The point is, Diary, this is happening again and so at the very least I’ll have a heaping, steaming, load of new perspectives that will blow the walls off our thinking box. The only question I can answer is: What to do with them?

Does anyone really care about another book? Or a trickle of blog posts? Or youtube videos?

Is there another way that is powerful and actually reaches people? Does it even matter at this point?

Dear Diary:

Are these truths unfolding in my head actually just something that happens? Though they are applicable to all because they are universal, could one small yet crucial fact have missed us completely through the ages?–Namely that, like the onslaught of geometry is prelude to a psychedelic transcendence of personal self into a carnival of Mind, an onslaught of intellectualized truths are prelude to a total transcendence of the personal self, the carnies beyond, and Mind.

Maybe they aren’t for anybody and at the same time apply to us all, which fools us into believing they need to be repeated or taught. They’re in me because they’re in all of us. They are us, voiced or not. And we’re the thing that needs to go. Be understood and thereby dissolved.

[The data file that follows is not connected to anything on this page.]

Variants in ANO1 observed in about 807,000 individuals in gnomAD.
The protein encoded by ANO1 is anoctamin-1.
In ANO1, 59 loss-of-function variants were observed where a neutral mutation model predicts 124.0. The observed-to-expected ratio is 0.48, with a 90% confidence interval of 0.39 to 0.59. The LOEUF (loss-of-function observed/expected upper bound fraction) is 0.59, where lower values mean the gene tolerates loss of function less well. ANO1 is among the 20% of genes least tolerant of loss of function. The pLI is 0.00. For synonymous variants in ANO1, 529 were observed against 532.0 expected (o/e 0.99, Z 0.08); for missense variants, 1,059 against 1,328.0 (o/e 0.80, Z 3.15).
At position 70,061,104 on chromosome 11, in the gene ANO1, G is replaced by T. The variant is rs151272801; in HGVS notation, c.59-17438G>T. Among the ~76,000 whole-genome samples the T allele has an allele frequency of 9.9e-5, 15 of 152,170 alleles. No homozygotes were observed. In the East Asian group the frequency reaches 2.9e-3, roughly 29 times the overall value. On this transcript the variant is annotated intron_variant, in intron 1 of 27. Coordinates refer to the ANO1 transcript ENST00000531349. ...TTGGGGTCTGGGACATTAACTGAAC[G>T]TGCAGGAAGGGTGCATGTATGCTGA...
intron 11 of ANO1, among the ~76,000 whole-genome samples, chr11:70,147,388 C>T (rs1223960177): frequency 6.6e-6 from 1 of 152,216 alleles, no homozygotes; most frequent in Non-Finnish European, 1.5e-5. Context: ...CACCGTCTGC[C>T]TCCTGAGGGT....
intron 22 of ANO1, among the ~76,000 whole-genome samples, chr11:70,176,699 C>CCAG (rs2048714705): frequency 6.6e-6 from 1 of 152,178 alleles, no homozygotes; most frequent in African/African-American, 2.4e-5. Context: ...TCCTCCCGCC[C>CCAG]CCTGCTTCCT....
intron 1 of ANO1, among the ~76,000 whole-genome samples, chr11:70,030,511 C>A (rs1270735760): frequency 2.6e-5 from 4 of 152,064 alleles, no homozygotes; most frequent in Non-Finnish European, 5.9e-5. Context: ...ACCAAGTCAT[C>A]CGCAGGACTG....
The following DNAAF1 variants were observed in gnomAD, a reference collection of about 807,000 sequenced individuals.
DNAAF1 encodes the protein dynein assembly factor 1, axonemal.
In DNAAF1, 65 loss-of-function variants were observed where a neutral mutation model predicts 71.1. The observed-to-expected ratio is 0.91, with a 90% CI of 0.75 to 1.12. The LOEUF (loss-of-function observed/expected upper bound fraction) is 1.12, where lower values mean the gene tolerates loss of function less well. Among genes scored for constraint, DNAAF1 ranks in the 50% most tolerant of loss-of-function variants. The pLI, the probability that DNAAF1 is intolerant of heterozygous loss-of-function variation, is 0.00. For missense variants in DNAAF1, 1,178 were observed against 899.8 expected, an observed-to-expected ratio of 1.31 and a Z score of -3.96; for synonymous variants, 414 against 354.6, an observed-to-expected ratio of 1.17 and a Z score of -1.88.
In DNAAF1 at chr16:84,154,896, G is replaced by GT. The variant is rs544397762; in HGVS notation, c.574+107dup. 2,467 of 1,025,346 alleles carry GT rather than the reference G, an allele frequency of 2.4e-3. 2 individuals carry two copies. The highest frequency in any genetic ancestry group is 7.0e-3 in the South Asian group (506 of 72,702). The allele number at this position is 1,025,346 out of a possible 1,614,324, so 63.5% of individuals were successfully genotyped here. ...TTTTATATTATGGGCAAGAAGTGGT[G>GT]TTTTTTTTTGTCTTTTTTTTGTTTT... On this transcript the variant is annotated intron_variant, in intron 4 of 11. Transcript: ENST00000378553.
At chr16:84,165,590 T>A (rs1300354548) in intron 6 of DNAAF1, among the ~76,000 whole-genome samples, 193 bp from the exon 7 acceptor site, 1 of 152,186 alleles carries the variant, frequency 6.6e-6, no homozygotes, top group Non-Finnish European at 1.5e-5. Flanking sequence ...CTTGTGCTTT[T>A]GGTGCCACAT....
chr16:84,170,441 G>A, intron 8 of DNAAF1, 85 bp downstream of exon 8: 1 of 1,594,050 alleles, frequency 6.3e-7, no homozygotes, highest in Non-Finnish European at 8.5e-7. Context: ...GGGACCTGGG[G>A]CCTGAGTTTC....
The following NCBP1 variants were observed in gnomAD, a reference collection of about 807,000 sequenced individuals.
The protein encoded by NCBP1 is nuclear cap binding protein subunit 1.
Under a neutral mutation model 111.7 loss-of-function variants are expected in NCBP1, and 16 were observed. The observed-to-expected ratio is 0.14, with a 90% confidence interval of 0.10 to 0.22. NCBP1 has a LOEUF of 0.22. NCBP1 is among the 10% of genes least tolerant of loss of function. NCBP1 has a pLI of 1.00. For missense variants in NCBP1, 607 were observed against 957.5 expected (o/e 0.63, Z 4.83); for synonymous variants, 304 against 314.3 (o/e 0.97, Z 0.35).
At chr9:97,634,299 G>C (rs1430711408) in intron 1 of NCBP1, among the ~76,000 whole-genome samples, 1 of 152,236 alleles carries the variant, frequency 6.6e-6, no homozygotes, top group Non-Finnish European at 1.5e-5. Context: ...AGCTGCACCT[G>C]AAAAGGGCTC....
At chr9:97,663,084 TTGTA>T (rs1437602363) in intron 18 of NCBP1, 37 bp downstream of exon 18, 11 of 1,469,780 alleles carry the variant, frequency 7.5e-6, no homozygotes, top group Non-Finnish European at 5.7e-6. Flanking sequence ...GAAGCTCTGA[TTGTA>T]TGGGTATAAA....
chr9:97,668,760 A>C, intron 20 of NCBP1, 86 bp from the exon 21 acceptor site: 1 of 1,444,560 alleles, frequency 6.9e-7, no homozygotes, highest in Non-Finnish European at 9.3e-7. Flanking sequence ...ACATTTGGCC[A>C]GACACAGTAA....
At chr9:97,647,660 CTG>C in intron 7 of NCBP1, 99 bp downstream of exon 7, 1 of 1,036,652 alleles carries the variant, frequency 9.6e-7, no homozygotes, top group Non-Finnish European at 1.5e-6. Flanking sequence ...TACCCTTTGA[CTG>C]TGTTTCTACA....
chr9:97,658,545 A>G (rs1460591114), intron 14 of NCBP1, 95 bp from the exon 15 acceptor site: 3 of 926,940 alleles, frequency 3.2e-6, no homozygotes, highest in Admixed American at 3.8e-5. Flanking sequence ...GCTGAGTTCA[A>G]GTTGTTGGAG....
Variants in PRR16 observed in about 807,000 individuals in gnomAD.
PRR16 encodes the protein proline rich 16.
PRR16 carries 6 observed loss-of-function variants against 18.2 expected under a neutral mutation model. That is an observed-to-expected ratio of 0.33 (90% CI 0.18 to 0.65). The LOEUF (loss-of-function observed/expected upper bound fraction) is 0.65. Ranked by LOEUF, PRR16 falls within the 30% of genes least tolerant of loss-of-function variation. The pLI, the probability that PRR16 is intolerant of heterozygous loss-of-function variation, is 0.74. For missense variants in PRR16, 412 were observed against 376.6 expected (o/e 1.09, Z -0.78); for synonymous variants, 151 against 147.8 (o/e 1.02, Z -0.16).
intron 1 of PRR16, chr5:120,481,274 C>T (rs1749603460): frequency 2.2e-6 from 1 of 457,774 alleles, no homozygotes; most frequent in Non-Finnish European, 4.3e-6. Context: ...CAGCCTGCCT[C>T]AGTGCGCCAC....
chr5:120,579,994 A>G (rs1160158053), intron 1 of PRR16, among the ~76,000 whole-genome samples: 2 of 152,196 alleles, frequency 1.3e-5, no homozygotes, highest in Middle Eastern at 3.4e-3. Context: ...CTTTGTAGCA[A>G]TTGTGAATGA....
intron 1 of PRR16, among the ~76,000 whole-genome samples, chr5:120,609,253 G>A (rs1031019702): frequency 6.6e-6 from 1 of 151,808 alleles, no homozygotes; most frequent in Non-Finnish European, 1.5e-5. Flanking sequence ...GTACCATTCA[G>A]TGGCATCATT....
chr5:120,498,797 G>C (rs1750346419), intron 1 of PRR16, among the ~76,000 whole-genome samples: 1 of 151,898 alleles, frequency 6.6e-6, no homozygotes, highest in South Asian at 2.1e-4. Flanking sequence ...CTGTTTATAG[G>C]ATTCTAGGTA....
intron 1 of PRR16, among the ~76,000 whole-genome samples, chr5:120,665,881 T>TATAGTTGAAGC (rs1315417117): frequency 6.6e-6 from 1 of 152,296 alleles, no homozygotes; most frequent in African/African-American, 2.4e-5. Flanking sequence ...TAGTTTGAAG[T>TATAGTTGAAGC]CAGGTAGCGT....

If that’s the case then these epiphanies are me shedding my skin. If you pick it up and wear it because it fits and feels right, first of all, ew. But second of all… you’ve just added another layer to yourself that needs to dissolve.

Helping people might be hurting people. Unless you see all of this with the clarity of an arrow through its bullseye.

Then we never need discuss this again.

Um…

Diary.

 

 

We Need To Love Where We Are

Exif_JPEG_422Okay, I think I’ve stumbled upon an epiphany about Hawaii that applies to everywhere. Almost literally stumbled upon it just now as I was walking back from the laundromat.

On the way there a friend passed by and beeped at me from her car. I waved the Shaka sign at her as is typical around these parts. On the way back a bad-ass biker dude I don’t know looked at me and gave me the “Hey” nod. I nodded back. Hey. Whether friend or stranger, friendly-looking or gruff, young, elderly, or in between we acknowledge each other because we’re all in this together. By that I mean we’re all here by choice. There is nothing scary in being who we are in front of each other because the choice we’re making, which is our bond, is simply to be here for the love of here. When locals (and I) have a prejudice against “haoles” (outsiders, generally Caucasian) it’s really the colonizing mentality with an unhealthy dash of Manifest Destiny (recently dubbed “a sense of entitlement” as if that’s a new flaw in a younger generation) that we despise.